Why is this shaped like this?
Let’s talk about two things that used to not go together: Japan and butter. Like other East Asian cultures, butter was never a part of the traditional Japanese diet, and was actually treated with disgust when introduced by Europeans in the 19th century.
(Fun politically-incorrect fact: When living in Japan, I learned that the word “butter” was used in an outdated anti-foreigner slur. Both Westerners and overtly Western things were referred to as bata-kusai, “kusai” being Japanese for “stink.” It was thought that eating butter produced uniquely European body odor, hence the slur was “butter stinkers.”)
Today Japan has accepted butter (particularly where baked goods and confectionaries are concerned). Uptake isn’t as brisk as in America or butter-crazy France, but it’s produced locally (in the Hokkaido region) and consumed in enough quantities that the country experiences occasional butter shortages, like this one in 2014.
Also, butter in Japan doesn’t come like butter in the ‘States: It comes in slabs, as they’ve adopted the traditional European form factor.
Image credit: Jada Yuan
I believe it’s just us Yanks that shape butter into sticks. Which explains why Japanese butter dishes look strange and wide-bodied to Americans:
This one’s even got an integrated cutter:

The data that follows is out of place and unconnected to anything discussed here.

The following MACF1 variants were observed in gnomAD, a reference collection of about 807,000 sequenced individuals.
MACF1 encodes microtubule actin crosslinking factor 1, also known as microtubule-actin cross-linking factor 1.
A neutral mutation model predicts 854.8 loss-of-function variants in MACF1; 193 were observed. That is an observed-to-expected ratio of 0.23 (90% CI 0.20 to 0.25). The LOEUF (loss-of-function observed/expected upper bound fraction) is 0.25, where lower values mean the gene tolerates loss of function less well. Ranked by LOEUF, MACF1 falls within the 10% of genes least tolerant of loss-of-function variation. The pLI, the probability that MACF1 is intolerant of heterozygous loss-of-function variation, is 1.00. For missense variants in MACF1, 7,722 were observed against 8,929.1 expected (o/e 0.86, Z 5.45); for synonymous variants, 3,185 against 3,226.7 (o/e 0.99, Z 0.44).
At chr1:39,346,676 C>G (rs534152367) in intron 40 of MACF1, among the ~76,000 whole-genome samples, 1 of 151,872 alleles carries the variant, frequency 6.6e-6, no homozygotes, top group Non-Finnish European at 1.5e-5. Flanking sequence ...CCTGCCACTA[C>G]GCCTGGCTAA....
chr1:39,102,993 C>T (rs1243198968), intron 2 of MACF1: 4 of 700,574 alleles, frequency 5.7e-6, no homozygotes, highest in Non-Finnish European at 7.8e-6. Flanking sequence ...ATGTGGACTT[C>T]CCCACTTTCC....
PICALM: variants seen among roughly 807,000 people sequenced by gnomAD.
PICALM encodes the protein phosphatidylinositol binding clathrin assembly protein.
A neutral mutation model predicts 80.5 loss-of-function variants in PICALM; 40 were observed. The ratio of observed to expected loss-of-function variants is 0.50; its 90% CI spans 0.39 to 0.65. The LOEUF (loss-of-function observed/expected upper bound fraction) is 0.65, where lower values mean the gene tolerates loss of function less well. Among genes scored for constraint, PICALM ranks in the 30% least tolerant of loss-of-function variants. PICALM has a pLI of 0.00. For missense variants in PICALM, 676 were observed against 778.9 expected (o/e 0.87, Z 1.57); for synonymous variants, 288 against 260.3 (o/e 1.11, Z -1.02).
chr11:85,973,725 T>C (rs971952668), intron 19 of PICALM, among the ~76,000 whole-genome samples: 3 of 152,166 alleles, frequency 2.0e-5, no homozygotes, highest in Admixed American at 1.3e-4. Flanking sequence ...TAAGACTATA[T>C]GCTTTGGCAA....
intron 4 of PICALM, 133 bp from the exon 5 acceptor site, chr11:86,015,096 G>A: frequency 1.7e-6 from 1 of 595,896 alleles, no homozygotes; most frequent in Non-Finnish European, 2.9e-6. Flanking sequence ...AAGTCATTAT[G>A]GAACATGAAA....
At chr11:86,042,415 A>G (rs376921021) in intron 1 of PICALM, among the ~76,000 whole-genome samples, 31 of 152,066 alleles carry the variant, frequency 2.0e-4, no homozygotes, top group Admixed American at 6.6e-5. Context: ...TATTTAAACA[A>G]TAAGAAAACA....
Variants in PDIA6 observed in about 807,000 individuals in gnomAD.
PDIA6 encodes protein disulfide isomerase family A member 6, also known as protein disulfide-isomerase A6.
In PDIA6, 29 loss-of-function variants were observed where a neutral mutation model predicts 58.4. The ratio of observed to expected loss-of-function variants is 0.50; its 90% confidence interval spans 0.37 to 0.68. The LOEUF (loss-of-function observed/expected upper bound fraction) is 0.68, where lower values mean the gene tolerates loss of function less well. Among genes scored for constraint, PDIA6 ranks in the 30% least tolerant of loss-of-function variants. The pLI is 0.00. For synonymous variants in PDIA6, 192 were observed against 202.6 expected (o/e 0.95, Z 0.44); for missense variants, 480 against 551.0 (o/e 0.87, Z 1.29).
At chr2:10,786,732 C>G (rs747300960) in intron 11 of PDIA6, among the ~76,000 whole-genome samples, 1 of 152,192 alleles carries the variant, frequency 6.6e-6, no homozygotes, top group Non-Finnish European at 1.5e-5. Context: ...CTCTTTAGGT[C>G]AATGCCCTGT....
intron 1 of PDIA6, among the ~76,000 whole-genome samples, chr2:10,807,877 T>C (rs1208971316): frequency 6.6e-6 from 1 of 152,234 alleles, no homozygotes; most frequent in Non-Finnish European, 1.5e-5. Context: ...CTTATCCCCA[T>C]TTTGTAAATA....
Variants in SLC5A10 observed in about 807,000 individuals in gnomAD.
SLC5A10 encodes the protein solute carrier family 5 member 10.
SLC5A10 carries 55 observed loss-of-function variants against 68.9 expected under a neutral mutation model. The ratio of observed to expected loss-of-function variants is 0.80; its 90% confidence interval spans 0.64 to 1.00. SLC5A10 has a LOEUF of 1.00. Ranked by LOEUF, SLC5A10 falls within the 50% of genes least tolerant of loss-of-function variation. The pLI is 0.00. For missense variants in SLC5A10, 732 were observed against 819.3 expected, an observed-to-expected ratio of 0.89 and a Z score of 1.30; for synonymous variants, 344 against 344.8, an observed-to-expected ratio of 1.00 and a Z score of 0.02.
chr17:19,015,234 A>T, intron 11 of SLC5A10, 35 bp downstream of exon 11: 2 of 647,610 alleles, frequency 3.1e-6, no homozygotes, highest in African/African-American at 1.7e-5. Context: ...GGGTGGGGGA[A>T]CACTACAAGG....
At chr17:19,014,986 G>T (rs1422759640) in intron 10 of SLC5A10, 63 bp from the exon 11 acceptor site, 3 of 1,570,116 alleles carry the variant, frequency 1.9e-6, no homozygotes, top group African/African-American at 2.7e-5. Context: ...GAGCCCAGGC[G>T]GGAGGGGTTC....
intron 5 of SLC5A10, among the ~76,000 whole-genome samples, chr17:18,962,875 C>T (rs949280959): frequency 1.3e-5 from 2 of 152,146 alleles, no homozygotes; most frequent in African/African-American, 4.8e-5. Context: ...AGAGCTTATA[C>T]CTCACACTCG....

You probably noticed that funky knife in the photos of the Yoshikawa Case above. If you saw it out of context, you’d probably not know what it was:
The angle in the handle is a function of the slab form factor of European/Japanese butter. The little holes are to extrude separate noodles of butter, which (the Japanese find) are easier to spread.
The serrated side is for cutting toast.
This design for a butter knife/grater takes the manufacturing a step further, stamping nacelles into the surface to guide the butter noodles:
Lastly, there’s this bizarre thing. Why on Earth should it be shaped like that?
My speculation–and this is based purely on the year I spent living there, during which time I witnessed fantastically anal-retentive table manners–is that a) This is for those who don’t want to grate the surface of their butter, which probably gets messy as you work your way down through the slab, and b) this satisfies the Japanese need for order.
In other words, for us Americans who want a pat of butter, we just cut one from the stick; but for Japanese users faced with a slab, a crosswise slice would be too unwieldy to balance on your average butter knife.
An alternative would be to cut more manageable diagonal slices–i.e. cut a corner off of the slab–but I’m guessing a slab of butter with 45-degree angles cut into it would be too visually chaotic for Japanese sensibilities. This “tool” leaves behind an orderly 90-degree cut.